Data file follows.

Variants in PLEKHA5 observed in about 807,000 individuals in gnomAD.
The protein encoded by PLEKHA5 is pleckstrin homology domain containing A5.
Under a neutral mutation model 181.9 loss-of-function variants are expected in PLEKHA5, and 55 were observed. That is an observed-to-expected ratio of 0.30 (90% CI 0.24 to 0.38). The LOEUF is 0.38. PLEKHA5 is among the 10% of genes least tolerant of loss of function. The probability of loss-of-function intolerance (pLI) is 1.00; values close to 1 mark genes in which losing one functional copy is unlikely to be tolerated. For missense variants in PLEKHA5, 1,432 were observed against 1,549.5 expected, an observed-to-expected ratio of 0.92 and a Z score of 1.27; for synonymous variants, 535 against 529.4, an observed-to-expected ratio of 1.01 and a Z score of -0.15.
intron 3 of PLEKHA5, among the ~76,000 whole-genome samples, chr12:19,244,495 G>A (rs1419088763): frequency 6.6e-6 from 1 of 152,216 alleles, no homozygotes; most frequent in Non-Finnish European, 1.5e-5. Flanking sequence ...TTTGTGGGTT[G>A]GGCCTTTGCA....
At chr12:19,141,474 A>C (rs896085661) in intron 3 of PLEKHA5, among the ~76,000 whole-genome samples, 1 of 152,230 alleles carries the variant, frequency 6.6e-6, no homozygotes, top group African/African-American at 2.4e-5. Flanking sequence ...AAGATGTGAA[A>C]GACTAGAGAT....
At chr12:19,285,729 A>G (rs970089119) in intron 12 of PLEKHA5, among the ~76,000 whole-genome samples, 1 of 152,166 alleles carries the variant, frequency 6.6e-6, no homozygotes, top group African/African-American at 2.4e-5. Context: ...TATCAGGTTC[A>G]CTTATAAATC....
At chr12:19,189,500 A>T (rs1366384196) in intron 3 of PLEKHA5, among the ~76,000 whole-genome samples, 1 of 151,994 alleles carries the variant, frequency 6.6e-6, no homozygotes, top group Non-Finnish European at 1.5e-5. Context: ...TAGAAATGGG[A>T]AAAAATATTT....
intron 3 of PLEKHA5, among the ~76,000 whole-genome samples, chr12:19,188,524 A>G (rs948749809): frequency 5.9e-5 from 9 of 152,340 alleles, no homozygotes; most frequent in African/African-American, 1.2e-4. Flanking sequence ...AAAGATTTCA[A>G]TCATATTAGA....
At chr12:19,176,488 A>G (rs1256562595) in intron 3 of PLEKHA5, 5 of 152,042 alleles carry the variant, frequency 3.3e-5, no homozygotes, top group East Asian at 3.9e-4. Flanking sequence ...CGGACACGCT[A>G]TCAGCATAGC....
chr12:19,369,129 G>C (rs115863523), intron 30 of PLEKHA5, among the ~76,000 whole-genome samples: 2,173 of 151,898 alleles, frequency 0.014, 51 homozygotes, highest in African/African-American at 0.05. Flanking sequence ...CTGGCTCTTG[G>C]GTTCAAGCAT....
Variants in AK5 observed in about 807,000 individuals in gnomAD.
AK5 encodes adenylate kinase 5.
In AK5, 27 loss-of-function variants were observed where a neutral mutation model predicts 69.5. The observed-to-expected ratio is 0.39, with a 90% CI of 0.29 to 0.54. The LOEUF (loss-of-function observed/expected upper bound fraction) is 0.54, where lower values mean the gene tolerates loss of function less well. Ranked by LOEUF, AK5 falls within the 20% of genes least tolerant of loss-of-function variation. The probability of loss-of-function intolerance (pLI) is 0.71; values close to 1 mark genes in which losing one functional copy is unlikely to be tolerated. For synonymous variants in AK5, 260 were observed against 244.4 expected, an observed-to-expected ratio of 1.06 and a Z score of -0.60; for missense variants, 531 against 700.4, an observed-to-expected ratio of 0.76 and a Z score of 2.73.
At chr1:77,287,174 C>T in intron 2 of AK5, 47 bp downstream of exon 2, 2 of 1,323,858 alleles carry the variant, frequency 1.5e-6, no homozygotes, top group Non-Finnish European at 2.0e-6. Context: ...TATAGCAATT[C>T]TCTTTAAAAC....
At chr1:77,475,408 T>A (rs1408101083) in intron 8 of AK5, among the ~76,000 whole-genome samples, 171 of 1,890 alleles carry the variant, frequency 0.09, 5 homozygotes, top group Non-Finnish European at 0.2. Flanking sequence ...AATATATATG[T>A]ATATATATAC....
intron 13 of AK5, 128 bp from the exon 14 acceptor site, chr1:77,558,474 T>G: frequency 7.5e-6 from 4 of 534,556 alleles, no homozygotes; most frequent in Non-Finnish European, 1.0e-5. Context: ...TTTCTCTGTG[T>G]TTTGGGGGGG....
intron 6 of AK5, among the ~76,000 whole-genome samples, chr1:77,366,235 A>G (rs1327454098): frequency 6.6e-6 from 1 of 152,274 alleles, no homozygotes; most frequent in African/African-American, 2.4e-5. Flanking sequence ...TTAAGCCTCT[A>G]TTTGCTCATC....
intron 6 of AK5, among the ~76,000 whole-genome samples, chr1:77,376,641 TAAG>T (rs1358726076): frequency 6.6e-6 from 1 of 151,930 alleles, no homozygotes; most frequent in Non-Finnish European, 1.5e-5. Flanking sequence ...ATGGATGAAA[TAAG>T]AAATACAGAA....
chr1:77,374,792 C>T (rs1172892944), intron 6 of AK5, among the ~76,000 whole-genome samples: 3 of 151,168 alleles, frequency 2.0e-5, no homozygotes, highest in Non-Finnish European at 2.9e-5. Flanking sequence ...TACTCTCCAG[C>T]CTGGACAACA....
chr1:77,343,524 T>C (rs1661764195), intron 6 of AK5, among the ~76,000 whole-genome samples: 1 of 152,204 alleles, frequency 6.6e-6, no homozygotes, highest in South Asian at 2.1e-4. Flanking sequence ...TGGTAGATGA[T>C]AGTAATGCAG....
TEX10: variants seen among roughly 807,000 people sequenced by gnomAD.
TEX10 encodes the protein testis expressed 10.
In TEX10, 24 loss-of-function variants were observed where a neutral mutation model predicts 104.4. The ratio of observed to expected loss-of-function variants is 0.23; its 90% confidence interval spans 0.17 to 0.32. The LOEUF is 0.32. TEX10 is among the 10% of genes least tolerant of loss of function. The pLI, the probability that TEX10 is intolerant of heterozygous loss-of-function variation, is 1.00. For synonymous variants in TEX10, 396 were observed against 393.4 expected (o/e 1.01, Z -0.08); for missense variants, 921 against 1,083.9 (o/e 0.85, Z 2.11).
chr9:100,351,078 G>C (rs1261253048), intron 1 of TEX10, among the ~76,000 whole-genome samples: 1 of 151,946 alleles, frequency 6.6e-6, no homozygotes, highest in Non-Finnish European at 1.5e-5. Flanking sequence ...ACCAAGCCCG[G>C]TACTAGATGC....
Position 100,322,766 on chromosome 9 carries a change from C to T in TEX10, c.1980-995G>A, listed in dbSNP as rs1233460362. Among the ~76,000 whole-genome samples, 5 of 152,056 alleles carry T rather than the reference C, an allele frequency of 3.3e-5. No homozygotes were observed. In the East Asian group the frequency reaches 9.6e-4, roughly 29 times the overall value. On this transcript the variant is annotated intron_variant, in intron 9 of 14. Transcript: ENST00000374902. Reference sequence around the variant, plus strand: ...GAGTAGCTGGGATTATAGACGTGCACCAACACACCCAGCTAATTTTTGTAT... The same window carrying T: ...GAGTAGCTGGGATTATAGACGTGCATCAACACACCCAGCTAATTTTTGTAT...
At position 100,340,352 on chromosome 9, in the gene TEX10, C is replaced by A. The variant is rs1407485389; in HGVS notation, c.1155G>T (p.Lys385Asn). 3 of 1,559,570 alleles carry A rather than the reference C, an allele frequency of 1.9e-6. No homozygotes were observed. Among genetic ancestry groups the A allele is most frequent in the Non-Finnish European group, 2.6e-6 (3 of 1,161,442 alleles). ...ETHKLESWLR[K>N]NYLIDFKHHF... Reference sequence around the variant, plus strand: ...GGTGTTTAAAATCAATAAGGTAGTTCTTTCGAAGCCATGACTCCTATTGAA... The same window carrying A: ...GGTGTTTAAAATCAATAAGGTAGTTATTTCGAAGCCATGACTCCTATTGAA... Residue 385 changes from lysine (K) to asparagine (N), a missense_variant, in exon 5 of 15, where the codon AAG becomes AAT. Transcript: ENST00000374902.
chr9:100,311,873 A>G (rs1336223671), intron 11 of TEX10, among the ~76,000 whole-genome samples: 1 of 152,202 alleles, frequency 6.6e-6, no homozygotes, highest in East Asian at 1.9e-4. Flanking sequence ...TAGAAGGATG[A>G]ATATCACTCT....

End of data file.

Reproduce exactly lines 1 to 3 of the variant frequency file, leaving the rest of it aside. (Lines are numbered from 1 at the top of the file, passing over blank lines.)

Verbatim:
Variants in PLEKHA5 observed in about 807,000 individuals in gnomAD.
The protein encoded by PLEKHA5 is pleckstrin homology domain containing A5.
Under a neutral mutation model 181.9 loss-of-function variants are expected in PLEKHA5, and 55 were observed. That is an observed-to-expected ratio of 0.30 (90% CI 0.24 to 0.38). The LOEUF is 0.38. PLEKHA5 is among the 10% of genes least tolerant of loss of function. The probability of loss-of-function intolerance (pLI) is 1.00; values close to 1 mark genes in which losing one functional copy is unlikely to be tolerated. For missense variants in PLEKHA5, 1,432 were observed against 1,549.5 expected, an observed-to-expected ratio of 0.92 and a Z score of 1.27; for synonymous variants, 535 against 529.4, an observed-to-expected ratio of 1.01 and a Z score of -0.15.